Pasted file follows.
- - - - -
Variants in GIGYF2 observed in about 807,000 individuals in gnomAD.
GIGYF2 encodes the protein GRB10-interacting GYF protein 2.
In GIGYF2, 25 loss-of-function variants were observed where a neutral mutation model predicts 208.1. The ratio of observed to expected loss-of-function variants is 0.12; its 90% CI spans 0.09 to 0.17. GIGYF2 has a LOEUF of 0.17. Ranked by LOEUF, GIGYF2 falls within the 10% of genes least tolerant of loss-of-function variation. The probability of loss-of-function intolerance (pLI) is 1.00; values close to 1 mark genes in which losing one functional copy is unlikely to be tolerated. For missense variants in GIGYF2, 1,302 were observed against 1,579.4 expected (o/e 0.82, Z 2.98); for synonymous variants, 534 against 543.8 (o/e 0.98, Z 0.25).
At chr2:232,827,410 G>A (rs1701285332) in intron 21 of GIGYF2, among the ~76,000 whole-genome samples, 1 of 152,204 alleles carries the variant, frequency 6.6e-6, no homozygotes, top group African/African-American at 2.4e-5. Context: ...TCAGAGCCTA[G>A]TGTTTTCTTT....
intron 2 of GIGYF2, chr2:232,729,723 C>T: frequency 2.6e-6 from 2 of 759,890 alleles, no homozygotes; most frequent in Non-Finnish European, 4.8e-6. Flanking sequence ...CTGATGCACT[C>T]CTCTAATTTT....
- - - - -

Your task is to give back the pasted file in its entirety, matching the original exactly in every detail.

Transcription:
Variants in GIGYF2 observed in about 807,000 individuals in gnomAD.
GIGYF2 encodes the protein GRB10-interacting GYF protein 2.
In GIGYF2, 25 loss-of-function variants were observed where a neutral mutation model predicts 208.1. The ratio of observed to expected loss-of-function variants is 0.12; its 90% CI spans 0.09 to 0.17. GIGYF2 has a LOEUF of 0.17. Ranked by LOEUF, GIGYF2 falls within the 10% of genes least tolerant of loss-of-function variation. The probability of loss-of-function intolerance (pLI) is 1.00; values close to 1 mark genes in which losing one functional copy is unlikely to be tolerated. For missense variants in GIGYF2, 1,302 were observed against 1,579.4 expected (o/e 0.82, Z 2.98); for synonymous variants, 534 against 543.8 (o/e 0.98, Z 0.25).
At chr2:232,827,410 G>A (rs1701285332) in intron 21 of GIGYF2, among the ~76,000 whole-genome samples, 1 of 152,204 alleles carries the variant, frequency 6.6e-6, no homozygotes, top group African/African-American at 2.4e-5. Context: ...TCAGAGCCTA[G>A]TGTTTTCTTT....
intron 2 of GIGYF2, chr2:232,729,723 C>T: frequency 2.6e-6 from 2 of 759,890 alleles, no homozygotes; most frequent in Non-Finnish European, 4.8e-6. Flanking sequence ...CTGATGCACT[C>T]CTCTAATTTT....